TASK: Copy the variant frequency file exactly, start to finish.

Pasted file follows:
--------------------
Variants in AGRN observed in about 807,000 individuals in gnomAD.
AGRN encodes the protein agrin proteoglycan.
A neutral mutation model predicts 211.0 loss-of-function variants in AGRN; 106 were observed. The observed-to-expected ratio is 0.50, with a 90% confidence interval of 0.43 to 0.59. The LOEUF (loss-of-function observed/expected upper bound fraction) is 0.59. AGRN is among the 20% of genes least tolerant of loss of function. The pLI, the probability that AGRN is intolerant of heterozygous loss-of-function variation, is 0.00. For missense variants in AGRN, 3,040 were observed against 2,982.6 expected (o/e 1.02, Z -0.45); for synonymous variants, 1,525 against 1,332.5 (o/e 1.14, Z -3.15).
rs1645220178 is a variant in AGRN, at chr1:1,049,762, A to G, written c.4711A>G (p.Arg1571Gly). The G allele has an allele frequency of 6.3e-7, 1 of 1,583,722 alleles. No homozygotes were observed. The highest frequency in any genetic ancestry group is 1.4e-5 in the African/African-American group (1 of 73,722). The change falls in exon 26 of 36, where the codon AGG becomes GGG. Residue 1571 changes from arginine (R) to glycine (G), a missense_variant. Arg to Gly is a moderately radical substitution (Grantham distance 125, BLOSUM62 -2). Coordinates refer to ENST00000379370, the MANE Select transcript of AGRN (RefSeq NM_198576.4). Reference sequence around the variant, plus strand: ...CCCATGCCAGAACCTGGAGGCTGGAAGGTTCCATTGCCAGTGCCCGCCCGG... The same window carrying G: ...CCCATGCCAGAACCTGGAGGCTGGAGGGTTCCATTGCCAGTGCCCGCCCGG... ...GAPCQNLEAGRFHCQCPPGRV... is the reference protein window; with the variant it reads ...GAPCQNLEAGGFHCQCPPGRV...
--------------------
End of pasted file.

Variants in AGRN observed in about 807,000 individuals in gnomAD.
AGRN encodes the protein agrin proteoglycan.
A neutral mutation model predicts 211.0 loss-of-function variants in AGRN; 106 were observed. The observed-to-expected ratio is 0.50, with a 90% confidence interval of 0.43 to 0.59. The LOEUF (loss-of-function observed/expected upper bound fraction) is 0.59. AGRN is among the 20% of genes least tolerant of loss of function. The pLI, the probability that AGRN is intolerant of heterozygous loss-of-function variation, is 0.00. For missense variants in AGRN, 3,040 were observed against 2,982.6 expected (o/e 1.02, Z -0.45); for synonymous variants, 1,525 against 1,332.5 (o/e 1.14, Z -3.15).
rs1645220178 is a variant in AGRN, at chr1:1,049,762, A to G, written c.4711A>G (p.Arg1571Gly). The G allele has an allele frequency of 6.3e-7, 1 of 1,583,722 alleles. No homozygotes were observed. The highest frequency in any genetic ancestry group is 1.4e-5 in the African/African-American group (1 of 73,722). The change falls in exon 26 of 36, where the codon AGG becomes GGG. Residue 1571 changes from arginine (R) to glycine (G), a missense_variant. Arg to Gly is a moderately radical substitution (Grantham distance 125, BLOSUM62 -2). Coordinates refer to ENST00000379370, the MANE Select transcript of AGRN (RefSeq NM_198576.4). Reference sequence around the variant, plus strand: ...CCCATGCCAGAACCTGGAGGCTGGAAGGTTCCATTGCCAGTGCCCGCCCGG... The same window carrying G: ...CCCATGCCAGAACCTGGAGGCTGGAGGGTTCCATTGCCAGTGCCCGCCCGG... ...GAPCQNLEAGRFHCQCPPGRV... is the reference protein window; with the variant it reads ...GAPCQNLEAGGFHCQCPPGRV...